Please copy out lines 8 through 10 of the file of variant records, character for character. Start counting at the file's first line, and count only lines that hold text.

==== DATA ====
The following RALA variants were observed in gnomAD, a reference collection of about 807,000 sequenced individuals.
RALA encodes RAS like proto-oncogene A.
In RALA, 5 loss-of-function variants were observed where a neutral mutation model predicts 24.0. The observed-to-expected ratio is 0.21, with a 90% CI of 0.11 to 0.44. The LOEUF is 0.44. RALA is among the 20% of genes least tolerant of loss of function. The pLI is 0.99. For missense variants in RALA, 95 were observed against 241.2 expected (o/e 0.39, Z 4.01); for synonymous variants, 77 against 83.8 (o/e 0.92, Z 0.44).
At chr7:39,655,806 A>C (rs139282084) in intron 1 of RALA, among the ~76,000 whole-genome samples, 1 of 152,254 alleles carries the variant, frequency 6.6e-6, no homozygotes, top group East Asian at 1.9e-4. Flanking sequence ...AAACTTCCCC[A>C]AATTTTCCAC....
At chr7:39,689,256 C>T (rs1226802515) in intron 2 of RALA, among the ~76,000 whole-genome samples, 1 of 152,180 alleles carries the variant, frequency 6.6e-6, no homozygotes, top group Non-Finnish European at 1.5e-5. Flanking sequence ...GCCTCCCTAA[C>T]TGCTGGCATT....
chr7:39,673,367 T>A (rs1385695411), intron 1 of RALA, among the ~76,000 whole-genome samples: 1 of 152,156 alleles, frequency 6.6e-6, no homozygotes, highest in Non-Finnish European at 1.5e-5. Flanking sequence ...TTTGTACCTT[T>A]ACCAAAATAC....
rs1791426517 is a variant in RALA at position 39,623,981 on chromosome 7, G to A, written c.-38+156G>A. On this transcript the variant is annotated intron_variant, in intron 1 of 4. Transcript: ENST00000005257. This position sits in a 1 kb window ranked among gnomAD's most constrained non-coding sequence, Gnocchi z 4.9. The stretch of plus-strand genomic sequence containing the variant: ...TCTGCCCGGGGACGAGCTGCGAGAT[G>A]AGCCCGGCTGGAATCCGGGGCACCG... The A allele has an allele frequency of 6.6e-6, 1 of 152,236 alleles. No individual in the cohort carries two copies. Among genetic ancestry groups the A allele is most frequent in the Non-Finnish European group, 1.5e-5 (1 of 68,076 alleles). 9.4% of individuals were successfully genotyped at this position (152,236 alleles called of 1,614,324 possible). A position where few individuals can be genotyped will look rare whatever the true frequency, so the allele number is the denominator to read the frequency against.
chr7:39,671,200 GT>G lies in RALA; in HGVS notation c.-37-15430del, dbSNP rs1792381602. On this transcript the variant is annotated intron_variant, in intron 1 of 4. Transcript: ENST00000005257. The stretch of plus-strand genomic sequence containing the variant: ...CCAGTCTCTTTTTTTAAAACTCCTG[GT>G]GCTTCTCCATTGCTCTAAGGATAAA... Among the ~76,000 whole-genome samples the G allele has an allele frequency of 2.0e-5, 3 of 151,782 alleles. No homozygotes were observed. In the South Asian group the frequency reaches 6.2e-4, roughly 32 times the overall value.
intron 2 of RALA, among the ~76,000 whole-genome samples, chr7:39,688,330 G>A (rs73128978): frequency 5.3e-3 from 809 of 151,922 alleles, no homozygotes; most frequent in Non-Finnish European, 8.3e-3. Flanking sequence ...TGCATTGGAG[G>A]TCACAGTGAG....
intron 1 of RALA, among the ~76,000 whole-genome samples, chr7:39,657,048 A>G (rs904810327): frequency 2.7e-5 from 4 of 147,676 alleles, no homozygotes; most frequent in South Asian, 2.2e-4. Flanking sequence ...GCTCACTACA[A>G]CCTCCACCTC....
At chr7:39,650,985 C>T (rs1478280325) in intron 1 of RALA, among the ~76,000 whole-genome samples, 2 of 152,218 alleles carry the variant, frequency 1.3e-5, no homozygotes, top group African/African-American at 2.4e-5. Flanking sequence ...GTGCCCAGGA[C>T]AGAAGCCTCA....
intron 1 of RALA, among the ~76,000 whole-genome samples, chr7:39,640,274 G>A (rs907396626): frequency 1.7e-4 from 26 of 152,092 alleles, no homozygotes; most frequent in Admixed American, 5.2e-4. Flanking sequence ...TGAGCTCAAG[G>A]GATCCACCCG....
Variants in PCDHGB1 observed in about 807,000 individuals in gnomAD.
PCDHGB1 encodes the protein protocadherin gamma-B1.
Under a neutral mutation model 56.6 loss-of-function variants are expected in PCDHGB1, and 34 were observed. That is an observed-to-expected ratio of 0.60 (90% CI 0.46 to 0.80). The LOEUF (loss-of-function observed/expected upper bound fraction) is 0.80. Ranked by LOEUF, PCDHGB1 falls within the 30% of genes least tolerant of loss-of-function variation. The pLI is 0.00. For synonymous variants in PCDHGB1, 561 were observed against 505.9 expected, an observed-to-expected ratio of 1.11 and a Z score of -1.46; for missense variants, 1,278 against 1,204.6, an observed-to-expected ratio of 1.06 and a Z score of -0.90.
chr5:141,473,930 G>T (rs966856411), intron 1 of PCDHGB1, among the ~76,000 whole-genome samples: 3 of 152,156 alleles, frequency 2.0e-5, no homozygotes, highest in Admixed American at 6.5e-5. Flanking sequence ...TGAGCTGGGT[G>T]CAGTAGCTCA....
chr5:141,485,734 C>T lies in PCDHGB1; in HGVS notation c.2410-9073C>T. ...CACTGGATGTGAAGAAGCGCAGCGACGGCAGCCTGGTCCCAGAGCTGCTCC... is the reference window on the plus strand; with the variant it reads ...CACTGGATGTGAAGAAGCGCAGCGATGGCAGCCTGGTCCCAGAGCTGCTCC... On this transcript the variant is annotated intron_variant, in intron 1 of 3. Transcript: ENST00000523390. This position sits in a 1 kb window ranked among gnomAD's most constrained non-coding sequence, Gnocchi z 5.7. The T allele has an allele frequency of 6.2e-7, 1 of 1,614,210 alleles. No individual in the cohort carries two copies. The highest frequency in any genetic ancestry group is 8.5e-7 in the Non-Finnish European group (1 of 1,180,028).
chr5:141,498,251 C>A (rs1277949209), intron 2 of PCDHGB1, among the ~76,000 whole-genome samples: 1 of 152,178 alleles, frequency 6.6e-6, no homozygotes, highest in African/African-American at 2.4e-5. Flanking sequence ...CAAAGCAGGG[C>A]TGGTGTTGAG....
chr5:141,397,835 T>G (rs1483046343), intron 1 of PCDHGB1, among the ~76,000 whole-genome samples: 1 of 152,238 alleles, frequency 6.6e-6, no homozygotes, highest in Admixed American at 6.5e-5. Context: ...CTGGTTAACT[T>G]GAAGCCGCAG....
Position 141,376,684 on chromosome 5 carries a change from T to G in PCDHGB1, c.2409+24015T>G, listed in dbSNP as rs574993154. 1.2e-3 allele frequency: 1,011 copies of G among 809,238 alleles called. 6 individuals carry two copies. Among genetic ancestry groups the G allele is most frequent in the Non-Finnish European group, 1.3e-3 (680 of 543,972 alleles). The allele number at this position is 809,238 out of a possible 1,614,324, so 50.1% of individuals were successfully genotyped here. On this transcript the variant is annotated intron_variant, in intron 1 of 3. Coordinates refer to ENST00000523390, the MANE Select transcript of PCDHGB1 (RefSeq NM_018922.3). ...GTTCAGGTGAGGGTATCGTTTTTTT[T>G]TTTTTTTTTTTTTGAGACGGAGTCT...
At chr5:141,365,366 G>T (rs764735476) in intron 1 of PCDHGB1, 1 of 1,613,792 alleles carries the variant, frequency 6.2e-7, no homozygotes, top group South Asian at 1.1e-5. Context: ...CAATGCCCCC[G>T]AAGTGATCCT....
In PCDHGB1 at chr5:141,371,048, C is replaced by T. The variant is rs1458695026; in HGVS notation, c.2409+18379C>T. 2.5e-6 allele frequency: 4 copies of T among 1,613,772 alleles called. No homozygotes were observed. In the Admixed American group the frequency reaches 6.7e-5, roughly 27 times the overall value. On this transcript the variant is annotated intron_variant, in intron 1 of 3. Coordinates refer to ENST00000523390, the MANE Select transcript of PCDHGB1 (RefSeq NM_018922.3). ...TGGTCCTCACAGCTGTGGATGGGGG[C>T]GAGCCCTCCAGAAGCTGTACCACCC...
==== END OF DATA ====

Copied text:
chr7:39,671,200 GT>G lies in RALA; in HGVS notation c.-37-15430del, dbSNP rs1792381602. On this transcript the variant is annotated intron_variant, in intron 1 of 4. Transcript: ENST00000005257. The stretch of plus-strand genomic sequence containing the variant: ...CCAGTCTCTTTTTTTAAAACTCCTG[GT>G]GCTTCTCCATTGCTCTAAGGATAAA... Among the ~76,000 whole-genome samples the G allele has an allele frequency of 2.0e-5, 3 of 151,782 alleles. No homozygotes were observed. In the South Asian group the frequency reaches 6.2e-4, roughly 32 times the overall value.
intron 2 of RALA, among the ~76,000 whole-genome samples, chr7:39,688,330 G>A (rs73128978): frequency 5.3e-3 from 809 of 151,922 alleles, no homozygotes; most frequent in Non-Finnish European, 8.3e-3. Flanking sequence ...TGCATTGGAG[G>A]TCACAGTGAG....
intron 1 of RALA, among the ~76,000 whole-genome samples, chr7:39,657,048 A>G (rs904810327): frequency 2.7e-5 from 4 of 147,676 alleles, no homozygotes; most frequent in South Asian, 2.2e-4. Flanking sequence ...GCTCACTACA[A>G]CCTCCACCTC....